Mental health important during COVID-19 outbreak

March 29, 2020

By: Joe Vacarelli

Originally appeared in The Sentinel

As health and government officials ask the public not to gather in groups larger than 10 people during the COVID-19 outbreak, several organizations dealing with mental health services have made adjustments, canceling group therapies.

But mental health services are still widely available throughout the Grand Valley and the state of Colorado. Providers also have advice on how to stay psychologically healthy during a stressful period.

Mind Springs Health, which serves multiple counties in western Colorado, including Mesa County where its West Springs Hospital is located, is seeing fewer patients come in for appointments due to social distancing. However, treatments over the phone and telehealth services are available.

Group therapy sessions are canceled, but all facilities remain open, according to Executive Vice President Michelle Hoy.

“Help is still here,” Hoy said. “We still have a team that can respond to anyone in crisis and the ability to serve people.”

Both Hoy and Mental Health Colorado President and CEO Vincent Atchity say they’ve seen an uptick in calls since the COVID-19 shutdowns started during the past week. They said there are local, state and national options to talk to someone. Atchity said a primary care doctor could also help answer some basic questions.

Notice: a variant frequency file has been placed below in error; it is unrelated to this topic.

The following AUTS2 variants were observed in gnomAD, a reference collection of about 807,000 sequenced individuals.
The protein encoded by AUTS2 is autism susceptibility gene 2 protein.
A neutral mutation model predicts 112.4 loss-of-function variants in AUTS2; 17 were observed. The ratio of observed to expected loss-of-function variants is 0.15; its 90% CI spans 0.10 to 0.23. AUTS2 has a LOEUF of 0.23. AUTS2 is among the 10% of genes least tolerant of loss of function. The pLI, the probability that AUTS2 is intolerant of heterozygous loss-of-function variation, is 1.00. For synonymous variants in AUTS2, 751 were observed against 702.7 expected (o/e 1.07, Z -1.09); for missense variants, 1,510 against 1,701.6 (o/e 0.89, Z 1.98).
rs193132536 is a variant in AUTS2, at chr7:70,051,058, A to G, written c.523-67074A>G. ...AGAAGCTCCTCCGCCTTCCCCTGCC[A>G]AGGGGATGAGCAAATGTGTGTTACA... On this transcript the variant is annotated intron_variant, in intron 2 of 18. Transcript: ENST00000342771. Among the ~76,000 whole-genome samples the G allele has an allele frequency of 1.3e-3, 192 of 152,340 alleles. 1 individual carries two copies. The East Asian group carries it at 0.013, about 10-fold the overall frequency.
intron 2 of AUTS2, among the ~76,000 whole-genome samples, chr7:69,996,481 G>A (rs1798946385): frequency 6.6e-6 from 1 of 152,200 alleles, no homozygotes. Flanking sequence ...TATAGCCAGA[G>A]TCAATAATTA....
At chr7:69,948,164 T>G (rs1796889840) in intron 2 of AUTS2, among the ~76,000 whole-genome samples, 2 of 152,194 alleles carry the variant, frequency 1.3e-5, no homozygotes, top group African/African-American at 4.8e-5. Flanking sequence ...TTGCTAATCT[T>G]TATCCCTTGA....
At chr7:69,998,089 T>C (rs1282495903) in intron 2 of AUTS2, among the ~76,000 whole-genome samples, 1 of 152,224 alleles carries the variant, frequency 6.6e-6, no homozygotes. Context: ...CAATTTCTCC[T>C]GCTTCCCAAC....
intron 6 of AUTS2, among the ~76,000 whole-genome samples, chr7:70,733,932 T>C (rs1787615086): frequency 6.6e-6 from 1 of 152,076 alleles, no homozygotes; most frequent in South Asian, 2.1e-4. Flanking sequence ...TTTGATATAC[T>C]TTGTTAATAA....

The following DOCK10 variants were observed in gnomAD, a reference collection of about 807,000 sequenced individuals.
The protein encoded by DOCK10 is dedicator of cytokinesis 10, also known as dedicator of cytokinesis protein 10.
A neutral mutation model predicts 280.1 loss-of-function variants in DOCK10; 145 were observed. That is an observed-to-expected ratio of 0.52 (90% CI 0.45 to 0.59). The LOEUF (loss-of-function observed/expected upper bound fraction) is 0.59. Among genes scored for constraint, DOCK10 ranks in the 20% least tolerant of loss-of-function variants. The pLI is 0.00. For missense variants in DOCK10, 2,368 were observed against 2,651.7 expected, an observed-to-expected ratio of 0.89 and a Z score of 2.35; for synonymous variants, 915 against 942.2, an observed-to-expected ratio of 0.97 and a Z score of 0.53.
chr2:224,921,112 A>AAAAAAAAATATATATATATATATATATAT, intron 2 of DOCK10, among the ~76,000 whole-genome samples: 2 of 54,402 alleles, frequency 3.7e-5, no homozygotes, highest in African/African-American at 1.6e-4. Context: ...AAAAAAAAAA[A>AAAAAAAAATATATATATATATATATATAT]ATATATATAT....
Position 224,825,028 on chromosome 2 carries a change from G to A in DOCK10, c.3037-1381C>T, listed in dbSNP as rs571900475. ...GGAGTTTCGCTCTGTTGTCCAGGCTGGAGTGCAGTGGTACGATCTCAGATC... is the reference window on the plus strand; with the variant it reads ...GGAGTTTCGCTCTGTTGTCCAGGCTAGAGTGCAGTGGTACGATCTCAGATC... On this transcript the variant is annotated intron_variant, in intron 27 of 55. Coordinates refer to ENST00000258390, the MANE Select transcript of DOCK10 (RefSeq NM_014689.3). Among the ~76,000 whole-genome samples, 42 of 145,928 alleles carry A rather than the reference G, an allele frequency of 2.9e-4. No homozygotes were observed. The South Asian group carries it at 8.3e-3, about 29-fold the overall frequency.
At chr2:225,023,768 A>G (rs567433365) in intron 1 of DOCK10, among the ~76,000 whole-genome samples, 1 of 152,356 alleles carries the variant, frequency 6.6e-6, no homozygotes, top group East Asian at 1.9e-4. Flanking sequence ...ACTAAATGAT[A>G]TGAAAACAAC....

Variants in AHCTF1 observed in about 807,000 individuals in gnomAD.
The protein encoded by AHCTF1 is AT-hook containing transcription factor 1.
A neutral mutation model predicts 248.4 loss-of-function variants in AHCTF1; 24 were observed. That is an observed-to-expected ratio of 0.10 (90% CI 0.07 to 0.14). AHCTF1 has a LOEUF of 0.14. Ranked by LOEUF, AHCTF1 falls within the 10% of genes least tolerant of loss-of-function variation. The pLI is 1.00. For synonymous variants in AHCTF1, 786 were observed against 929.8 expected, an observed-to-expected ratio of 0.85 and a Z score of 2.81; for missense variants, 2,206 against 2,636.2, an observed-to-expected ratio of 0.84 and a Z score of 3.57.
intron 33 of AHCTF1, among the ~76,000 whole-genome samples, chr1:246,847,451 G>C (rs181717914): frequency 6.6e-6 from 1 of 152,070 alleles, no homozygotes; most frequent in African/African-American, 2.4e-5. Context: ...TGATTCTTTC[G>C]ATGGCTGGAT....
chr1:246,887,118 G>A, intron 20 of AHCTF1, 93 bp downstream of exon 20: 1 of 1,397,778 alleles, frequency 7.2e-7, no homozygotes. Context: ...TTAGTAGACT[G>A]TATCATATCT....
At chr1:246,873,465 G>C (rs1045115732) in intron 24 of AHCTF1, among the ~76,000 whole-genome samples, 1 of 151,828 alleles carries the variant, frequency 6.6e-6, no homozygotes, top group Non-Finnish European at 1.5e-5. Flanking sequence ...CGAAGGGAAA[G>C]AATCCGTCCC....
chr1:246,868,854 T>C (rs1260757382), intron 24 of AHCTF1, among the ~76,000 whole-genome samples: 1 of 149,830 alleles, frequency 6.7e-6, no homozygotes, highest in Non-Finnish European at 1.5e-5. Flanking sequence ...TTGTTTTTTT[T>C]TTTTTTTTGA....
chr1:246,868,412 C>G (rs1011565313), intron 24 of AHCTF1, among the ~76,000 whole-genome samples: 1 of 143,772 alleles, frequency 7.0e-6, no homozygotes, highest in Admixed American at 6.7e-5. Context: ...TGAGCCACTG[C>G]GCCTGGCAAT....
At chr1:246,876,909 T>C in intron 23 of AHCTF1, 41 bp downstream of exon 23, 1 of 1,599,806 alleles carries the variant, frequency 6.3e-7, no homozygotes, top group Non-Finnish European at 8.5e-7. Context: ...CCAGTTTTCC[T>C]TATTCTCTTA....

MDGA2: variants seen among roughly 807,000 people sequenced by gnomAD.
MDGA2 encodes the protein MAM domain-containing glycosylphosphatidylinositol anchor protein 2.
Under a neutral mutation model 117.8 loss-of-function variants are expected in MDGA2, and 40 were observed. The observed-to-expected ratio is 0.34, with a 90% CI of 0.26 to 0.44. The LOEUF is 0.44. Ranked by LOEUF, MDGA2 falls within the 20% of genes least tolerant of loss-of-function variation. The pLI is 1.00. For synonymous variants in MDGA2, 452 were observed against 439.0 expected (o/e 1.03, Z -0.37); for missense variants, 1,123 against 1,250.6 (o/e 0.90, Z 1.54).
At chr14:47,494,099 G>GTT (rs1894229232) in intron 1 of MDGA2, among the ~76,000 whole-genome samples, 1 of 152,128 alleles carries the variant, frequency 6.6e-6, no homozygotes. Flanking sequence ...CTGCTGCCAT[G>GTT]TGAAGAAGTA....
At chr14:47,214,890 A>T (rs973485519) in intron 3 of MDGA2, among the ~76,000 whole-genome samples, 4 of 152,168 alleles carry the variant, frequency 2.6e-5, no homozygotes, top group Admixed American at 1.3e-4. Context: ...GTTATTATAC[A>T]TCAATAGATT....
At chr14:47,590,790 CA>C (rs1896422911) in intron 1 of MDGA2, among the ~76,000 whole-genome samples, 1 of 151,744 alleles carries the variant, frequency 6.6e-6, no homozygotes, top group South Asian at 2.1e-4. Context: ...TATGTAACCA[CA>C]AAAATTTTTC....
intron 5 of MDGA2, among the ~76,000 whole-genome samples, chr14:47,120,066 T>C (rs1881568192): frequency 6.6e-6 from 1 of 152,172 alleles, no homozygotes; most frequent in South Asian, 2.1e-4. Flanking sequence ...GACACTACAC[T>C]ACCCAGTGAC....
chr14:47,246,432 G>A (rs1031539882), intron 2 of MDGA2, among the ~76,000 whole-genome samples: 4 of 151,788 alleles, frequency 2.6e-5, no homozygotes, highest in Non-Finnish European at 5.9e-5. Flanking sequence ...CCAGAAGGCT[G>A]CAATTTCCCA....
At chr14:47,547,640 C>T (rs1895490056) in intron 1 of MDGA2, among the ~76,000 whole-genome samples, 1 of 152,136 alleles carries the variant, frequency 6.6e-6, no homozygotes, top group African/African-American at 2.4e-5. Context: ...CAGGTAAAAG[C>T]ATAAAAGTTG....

But for those who are worried during this time, Hoy said it’s important that people take care of themselves, eat well, connect with loved ones virtually or over the phone and limit time on social media or consuming news.

“Don’t dwell on the negative. Think about what’s going well,” she said. “This is a great time to look for some new opportunities.”

Atchity said that people should take time to get outside and, if they have children, take a cue from them on how they focus on what’s important in the moment.

He also echoed Hoy, saying that people should limit their news consumption to a portion of the day when they feel strongest rather than constantly check the news.

“It’s more information than a brain can be accountable for,” he said. “That’s what makes us anxious.”

Those involved with support group meetings, such as Alcoholics Anonymous, should also know that many of these groups have canceled meetings. Some online meetings and conference calls will be available, said one staff member, noting that 50% of all meetings have been canceled.

Those looking for help or more information on meetings can visit or